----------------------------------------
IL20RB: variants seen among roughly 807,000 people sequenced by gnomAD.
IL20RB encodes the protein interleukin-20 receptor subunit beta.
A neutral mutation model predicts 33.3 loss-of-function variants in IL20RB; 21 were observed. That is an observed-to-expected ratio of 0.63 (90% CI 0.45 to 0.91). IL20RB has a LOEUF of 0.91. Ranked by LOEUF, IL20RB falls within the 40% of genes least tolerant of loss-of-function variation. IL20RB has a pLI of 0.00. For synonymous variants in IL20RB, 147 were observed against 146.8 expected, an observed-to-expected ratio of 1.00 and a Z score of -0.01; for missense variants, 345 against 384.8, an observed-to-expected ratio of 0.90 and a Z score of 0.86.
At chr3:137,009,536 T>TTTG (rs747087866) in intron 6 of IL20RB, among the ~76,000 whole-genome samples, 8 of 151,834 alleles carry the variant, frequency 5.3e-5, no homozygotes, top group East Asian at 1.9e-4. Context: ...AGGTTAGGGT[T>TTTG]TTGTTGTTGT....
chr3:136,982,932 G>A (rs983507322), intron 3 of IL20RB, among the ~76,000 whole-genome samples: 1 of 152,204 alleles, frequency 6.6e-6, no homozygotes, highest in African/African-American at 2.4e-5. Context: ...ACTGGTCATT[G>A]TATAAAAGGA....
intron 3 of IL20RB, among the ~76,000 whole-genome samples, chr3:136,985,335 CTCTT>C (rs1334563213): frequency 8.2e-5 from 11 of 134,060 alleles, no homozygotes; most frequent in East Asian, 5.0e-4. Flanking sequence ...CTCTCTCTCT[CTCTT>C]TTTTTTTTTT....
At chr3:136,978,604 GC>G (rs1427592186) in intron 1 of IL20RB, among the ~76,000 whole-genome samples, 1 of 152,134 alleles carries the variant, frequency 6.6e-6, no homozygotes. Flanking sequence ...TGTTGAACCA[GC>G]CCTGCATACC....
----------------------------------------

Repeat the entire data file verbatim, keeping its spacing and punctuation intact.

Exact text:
IL20RB: variants seen among roughly 807,000 people sequenced by gnomAD.
IL20RB encodes the protein interleukin-20 receptor subunit beta.
A neutral mutation model predicts 33.3 loss-of-function variants in IL20RB; 21 were observed. That is an observed-to-expected ratio of 0.63 (90% CI 0.45 to 0.91). IL20RB has a LOEUF of 0.91. Ranked by LOEUF, IL20RB falls within the 40% of genes least tolerant of loss-of-function variation. IL20RB has a pLI of 0.00. For synonymous variants in IL20RB, 147 were observed against 146.8 expected, an observed-to-expected ratio of 1.00 and a Z score of -0.01; for missense variants, 345 against 384.8, an observed-to-expected ratio of 0.90 and a Z score of 0.86.
At chr3:137,009,536 T>TTTG (rs747087866) in intron 6 of IL20RB, among the ~76,000 whole-genome samples, 8 of 151,834 alleles carry the variant, frequency 5.3e-5, no homozygotes, top group East Asian at 1.9e-4. Context: ...AGGTTAGGGT[T>TTTG]TTGTTGTTGT....
chr3:136,982,932 G>A (rs983507322), intron 3 of IL20RB, among the ~76,000 whole-genome samples: 1 of 152,204 alleles, frequency 6.6e-6, no homozygotes, highest in African/African-American at 2.4e-5. Context: ...ACTGGTCATT[G>A]TATAAAAGGA....
intron 3 of IL20RB, among the ~76,000 whole-genome samples, chr3:136,985,335 CTCTT>C (rs1334563213): frequency 8.2e-5 from 11 of 134,060 alleles, no homozygotes; most frequent in East Asian, 5.0e-4. Flanking sequence ...CTCTCTCTCT[CTCTT>C]TTTTTTTTTT....
At chr3:136,978,604 GC>G (rs1427592186) in intron 1 of IL20RB, among the ~76,000 whole-genome samples, 1 of 152,134 alleles carries the variant, frequency 6.6e-6, no homozygotes. Flanking sequence ...TGTTGAACCA[GC>G]CCTGCATACC....